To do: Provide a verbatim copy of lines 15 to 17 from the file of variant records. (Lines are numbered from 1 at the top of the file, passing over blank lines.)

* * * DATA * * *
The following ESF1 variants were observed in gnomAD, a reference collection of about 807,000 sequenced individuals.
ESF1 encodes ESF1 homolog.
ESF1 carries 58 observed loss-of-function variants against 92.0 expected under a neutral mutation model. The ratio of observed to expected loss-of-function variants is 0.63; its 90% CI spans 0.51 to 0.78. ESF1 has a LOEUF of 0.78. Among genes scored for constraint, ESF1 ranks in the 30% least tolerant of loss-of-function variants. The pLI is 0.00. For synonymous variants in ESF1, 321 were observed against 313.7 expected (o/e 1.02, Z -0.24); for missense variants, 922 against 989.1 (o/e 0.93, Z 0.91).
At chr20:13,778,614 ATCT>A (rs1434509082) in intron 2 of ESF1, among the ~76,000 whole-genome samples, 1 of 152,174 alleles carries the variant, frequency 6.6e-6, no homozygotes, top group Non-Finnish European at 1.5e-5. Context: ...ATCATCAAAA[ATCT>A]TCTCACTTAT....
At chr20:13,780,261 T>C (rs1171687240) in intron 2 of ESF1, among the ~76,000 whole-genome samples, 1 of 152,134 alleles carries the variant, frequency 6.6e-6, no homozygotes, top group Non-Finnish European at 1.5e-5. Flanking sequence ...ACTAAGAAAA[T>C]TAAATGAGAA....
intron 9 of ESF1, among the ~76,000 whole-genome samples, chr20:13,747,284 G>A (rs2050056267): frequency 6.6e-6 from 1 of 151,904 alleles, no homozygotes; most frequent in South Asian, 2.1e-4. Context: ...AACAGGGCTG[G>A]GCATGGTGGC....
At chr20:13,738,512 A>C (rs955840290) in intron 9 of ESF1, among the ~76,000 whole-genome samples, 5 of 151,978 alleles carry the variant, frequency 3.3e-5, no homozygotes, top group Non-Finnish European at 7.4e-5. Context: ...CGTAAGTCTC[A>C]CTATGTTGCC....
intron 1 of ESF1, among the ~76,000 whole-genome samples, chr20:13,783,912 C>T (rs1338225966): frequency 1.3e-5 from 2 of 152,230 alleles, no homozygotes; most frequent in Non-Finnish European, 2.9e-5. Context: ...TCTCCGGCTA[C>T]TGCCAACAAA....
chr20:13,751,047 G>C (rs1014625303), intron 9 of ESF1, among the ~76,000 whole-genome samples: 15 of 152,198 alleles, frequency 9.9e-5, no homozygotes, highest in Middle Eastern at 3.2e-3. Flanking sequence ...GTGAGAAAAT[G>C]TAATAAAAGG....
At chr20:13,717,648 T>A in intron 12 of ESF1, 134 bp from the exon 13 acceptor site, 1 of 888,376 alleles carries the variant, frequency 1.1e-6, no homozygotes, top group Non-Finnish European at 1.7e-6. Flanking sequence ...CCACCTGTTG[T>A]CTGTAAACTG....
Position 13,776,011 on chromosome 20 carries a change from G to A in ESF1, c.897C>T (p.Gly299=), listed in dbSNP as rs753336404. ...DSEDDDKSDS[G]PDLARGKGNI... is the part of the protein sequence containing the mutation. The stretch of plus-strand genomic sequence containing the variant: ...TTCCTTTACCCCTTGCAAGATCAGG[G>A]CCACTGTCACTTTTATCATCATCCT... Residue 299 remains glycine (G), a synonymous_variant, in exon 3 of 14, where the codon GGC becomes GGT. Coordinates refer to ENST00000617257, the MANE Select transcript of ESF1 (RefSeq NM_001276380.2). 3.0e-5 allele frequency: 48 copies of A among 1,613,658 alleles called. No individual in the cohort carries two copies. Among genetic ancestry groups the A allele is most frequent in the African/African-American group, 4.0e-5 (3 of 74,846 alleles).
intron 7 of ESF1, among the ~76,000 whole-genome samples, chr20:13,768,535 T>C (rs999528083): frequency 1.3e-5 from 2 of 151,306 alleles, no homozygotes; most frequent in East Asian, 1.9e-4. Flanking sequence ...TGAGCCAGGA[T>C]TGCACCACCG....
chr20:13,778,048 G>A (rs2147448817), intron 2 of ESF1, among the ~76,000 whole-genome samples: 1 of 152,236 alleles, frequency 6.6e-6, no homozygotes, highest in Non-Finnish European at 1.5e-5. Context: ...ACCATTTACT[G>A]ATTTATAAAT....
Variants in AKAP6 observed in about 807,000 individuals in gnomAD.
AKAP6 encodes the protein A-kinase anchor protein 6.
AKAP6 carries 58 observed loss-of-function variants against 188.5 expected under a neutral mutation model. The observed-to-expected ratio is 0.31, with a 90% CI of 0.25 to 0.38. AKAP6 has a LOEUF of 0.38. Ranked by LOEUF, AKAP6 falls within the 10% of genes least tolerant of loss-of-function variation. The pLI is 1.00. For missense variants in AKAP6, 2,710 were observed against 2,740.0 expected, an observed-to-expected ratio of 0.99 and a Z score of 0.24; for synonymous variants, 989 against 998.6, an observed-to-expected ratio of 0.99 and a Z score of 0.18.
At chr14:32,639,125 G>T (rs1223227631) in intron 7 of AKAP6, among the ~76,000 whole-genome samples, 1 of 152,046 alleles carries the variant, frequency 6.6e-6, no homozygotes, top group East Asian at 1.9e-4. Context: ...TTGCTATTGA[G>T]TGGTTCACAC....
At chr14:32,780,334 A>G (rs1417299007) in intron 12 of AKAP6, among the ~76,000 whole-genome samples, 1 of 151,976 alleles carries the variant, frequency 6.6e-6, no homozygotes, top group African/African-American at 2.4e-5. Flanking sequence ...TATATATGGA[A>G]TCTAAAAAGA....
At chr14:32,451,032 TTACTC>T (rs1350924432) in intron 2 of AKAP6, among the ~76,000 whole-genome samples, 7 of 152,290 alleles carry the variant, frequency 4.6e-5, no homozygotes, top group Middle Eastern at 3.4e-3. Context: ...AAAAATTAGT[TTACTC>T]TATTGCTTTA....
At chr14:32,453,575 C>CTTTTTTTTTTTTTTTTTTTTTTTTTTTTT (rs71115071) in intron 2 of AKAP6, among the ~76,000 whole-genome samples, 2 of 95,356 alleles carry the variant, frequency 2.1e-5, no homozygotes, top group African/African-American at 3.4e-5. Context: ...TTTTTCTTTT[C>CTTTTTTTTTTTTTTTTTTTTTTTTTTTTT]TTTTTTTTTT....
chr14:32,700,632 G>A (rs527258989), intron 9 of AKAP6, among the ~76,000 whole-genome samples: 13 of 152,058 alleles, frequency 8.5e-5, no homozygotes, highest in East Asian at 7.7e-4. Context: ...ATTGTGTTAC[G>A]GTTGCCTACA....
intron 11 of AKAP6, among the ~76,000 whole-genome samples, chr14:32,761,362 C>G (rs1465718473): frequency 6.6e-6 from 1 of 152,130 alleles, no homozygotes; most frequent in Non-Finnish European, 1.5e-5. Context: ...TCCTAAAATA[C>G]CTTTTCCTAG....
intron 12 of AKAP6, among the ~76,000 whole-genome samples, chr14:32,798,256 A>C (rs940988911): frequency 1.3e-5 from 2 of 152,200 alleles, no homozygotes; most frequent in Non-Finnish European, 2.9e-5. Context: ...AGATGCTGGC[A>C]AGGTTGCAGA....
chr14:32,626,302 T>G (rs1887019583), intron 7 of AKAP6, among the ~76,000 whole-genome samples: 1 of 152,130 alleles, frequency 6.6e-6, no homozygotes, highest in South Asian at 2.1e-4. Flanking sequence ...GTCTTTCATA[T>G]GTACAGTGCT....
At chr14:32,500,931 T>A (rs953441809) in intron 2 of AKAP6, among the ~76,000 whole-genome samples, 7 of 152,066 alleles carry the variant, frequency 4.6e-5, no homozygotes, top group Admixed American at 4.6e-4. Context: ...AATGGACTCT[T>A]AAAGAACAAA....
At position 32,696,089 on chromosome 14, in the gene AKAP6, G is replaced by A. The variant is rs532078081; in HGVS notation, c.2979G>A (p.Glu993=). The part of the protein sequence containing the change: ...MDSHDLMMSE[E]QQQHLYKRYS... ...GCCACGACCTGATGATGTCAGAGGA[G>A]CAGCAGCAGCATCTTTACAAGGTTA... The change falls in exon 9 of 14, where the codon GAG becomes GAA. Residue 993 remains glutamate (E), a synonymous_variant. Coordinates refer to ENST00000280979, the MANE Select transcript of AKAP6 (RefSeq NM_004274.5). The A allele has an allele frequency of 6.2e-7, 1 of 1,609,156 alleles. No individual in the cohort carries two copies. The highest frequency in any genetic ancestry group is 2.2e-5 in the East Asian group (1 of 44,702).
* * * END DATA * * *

AKAP6 encodes the protein A-kinase anchor protein 6.
AKAP6 carries 58 observed loss-of-function variants against 188.5 expected under a neutral mutation model. The observed-to-expected ratio is 0.31, with a 90% CI of 0.25 to 0.38. AKAP6 has a LOEUF of 0.38. Ranked by LOEUF, AKAP6 falls within the 10% of genes least tolerant of loss-of-function variation. The pLI is 1.00. For missense variants in AKAP6, 2,710 were observed against 2,740.0 expected, an observed-to-expected ratio of 0.99 and a Z score of 0.24; for synonymous variants, 989 against 998.6, an observed-to-expected ratio of 0.99 and a Z score of 0.18.
At chr14:32,639,125 G>T (rs1223227631) in intron 7 of AKAP6, among the ~76,000 whole-genome samples, 1 of 152,046 alleles carries the variant, frequency 6.6e-6, no homozygotes, top group East Asian at 1.9e-4. Context: ...TTGCTATTGA[G>T]TGGTTCACAC....